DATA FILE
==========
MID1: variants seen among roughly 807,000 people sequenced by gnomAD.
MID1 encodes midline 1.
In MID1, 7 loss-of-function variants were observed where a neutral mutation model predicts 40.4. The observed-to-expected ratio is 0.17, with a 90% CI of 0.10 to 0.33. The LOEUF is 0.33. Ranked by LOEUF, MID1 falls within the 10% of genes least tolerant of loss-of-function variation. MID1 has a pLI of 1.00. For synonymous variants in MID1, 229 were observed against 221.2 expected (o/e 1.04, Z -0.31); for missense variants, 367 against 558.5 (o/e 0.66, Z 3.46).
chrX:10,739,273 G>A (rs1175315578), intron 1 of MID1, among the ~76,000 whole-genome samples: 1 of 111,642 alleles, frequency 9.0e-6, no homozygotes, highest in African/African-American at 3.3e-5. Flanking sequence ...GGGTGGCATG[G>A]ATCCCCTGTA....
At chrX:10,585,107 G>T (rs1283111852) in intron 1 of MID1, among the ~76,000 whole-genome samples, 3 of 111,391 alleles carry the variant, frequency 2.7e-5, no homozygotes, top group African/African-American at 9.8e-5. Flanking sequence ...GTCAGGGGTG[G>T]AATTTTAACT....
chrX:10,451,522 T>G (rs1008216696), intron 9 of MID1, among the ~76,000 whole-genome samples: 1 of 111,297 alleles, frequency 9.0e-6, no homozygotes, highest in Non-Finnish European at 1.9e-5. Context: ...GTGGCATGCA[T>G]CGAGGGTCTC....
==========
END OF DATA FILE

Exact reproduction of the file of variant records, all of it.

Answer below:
MID1: variants seen among roughly 807,000 people sequenced by gnomAD.
MID1 encodes midline 1.
In MID1, 7 loss-of-function variants were observed where a neutral mutation model predicts 40.4. The observed-to-expected ratio is 0.17, with a 90% CI of 0.10 to 0.33. The LOEUF is 0.33. Ranked by LOEUF, MID1 falls within the 10% of genes least tolerant of loss-of-function variation. MID1 has a pLI of 1.00. For synonymous variants in MID1, 229 were observed against 221.2 expected (o/e 1.04, Z -0.31); for missense variants, 367 against 558.5 (o/e 0.66, Z 3.46).
chrX:10,739,273 G>A (rs1175315578), intron 1 of MID1, among the ~76,000 whole-genome samples: 1 of 111,642 alleles, frequency 9.0e-6, no homozygotes, highest in African/African-American at 3.3e-5. Flanking sequence ...GGGTGGCATG[G>A]ATCCCCTGTA....
At chrX:10,585,107 G>T (rs1283111852) in intron 1 of MID1, among the ~76,000 whole-genome samples, 3 of 111,391 alleles carry the variant, frequency 2.7e-5, no homozygotes, top group African/African-American at 9.8e-5. Flanking sequence ...GTCAGGGGTG[G>T]AATTTTAACT....
chrX:10,451,522 T>G (rs1008216696), intron 9 of MID1, among the ~76,000 whole-genome samples: 1 of 111,297 alleles, frequency 9.0e-6, no homozygotes, highest in Non-Finnish European at 1.9e-5. Context: ...GTGGCATGCA[T>G]CGAGGGTCTC....